Corinth is named for Corinth, Mississippi, site of an 1862 battle.
The print is #8222 in my latest Civil War reproduction collection, 1862 Battle Hymn.
Doesn't it look like a cotton boll?
Here's the document print.
I found it in a swatch book in the Moda library. It's got to be later than the Civil War because of that wine-red background, a color you really don't see until the 1880s, but this is a very symbolic fabric collection so I thought we could use it.
It reminded me of these white on dark prints
that were quite popular right before the Civil War.
Top from about 1850 (the center square is a reproduction print)
You could classify them as floral trails. They often have white stems.
Two Civil War-era floral trail reproductions.
We tone down the white in the reproductions.
So we have it in Farragut blue (a navy blue)
and Stonewall Gray - a taupe
From the Library of Congress collection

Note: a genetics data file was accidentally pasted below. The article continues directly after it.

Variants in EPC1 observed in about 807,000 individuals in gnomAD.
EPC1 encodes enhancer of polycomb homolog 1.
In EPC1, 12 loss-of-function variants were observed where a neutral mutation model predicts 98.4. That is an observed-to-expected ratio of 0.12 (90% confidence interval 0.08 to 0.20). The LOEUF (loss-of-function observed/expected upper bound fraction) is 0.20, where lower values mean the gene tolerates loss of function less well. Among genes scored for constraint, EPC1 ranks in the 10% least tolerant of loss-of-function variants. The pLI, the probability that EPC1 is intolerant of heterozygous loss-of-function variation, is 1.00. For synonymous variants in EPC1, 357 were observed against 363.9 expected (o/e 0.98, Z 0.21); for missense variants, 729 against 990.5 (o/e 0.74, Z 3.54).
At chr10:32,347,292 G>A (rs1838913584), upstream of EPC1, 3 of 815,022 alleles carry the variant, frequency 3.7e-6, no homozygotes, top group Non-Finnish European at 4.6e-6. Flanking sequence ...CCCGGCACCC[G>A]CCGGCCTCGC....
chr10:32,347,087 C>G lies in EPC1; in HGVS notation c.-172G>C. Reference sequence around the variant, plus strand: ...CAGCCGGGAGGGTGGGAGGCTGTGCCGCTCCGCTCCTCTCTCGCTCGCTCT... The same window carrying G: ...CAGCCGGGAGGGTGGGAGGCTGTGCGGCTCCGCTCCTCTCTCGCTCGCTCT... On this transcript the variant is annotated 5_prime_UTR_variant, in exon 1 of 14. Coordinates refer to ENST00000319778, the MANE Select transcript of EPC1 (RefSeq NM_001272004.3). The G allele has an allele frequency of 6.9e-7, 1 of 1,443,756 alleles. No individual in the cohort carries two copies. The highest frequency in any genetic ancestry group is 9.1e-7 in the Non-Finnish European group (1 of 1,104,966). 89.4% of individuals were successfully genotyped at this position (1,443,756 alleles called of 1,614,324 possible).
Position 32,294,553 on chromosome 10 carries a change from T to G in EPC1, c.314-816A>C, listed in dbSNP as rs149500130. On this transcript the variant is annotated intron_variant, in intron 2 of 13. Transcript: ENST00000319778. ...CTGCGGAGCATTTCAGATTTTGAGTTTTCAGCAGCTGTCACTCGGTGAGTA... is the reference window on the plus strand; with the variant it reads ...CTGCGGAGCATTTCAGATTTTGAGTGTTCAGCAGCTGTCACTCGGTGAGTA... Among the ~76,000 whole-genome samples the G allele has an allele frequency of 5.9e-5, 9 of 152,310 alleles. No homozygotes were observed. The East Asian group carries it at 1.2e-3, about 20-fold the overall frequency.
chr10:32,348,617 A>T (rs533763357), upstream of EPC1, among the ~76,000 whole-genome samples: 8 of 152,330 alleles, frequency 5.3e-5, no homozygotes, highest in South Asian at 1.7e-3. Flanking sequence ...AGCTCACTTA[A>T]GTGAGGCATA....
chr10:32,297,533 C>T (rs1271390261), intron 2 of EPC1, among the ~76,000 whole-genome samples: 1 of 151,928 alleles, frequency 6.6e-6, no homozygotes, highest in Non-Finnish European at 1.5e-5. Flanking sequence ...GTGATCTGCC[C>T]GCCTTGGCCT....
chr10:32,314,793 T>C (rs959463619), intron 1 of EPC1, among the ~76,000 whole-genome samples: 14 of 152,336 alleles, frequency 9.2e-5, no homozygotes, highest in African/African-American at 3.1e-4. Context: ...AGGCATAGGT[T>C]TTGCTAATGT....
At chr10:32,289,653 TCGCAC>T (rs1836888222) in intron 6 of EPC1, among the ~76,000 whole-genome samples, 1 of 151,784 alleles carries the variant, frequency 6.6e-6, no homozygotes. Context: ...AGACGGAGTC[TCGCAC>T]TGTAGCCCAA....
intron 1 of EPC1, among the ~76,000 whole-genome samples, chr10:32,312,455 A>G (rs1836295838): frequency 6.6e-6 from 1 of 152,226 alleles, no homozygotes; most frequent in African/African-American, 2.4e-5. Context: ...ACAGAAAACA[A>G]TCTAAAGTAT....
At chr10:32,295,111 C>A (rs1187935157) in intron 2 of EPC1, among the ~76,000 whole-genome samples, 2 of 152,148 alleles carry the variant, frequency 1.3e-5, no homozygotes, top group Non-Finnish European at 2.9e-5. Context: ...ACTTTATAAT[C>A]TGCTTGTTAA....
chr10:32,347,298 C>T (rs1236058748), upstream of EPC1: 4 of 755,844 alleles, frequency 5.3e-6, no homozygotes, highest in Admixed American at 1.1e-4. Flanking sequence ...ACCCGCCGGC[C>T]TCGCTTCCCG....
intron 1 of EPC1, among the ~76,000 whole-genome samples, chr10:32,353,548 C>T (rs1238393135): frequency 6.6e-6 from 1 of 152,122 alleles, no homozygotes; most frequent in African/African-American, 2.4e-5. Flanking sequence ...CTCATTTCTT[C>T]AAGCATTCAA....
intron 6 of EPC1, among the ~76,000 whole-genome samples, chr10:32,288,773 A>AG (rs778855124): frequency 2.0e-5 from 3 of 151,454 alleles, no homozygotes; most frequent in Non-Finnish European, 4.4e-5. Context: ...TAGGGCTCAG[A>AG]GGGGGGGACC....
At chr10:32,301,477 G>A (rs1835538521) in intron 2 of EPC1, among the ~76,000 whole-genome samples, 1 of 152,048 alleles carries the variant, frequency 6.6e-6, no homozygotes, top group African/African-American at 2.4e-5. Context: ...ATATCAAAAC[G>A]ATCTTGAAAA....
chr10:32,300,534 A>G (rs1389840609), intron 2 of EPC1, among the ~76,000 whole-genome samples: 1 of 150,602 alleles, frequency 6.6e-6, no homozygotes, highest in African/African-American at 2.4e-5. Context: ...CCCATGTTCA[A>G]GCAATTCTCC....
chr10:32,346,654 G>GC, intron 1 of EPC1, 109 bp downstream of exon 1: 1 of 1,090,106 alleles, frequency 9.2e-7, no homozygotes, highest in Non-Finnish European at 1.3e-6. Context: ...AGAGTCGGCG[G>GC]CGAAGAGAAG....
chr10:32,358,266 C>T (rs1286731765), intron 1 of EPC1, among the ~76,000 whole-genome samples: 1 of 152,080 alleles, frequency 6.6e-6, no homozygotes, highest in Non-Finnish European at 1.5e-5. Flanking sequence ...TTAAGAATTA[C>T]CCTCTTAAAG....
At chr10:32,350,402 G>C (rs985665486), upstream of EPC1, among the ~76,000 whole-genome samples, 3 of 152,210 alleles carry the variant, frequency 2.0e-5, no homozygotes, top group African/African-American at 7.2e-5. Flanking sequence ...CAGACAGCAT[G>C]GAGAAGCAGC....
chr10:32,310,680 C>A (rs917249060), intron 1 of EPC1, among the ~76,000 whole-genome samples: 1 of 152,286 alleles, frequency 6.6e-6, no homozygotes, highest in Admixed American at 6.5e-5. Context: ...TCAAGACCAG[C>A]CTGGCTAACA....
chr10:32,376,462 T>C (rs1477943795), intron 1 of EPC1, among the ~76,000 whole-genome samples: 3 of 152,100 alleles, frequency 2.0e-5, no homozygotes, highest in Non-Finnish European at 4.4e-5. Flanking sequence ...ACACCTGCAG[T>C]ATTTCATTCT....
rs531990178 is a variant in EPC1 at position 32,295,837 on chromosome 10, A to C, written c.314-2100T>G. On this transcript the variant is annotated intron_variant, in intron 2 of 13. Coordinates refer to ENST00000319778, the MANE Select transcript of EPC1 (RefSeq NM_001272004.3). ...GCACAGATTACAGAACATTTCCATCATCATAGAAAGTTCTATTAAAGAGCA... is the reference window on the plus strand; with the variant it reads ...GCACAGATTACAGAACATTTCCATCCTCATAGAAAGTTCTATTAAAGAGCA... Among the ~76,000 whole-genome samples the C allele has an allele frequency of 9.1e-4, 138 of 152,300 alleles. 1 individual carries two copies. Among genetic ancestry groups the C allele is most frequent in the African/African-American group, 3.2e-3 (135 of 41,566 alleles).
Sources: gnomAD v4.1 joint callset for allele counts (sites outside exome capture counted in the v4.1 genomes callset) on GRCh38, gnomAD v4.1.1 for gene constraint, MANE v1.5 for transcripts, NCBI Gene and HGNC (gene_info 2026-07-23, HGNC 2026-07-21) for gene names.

Corinth, "the Crossroads of the Confederacy," was at the junction of two important rail lines, an important location over which the armies fought for years.
Corinth from the Library of Congress
The Tishomingo Hotel shown here near the tracks became a hospital. Click here to read Confederate nurse Kate Cumming's recollection of her first day as a nurse in that building.
The Union took control of the town in the 1862 battle and Corinth became a refuge for many escaped slaves.
The Corinth Contraband Camp memorializes those newly free people.
This pattern Railroad Crossing or Rambler is a good one for an authentic reproduction quilt. Click here for a free pattern:
Here's Roseanne Smith's reproduction using my Civil War Reunion line. This collection is more subdued. Adding a white or ivory contrast would be effective and authentic.
Another option: The Cotton Boll block. See a pattern for an 8" square block here: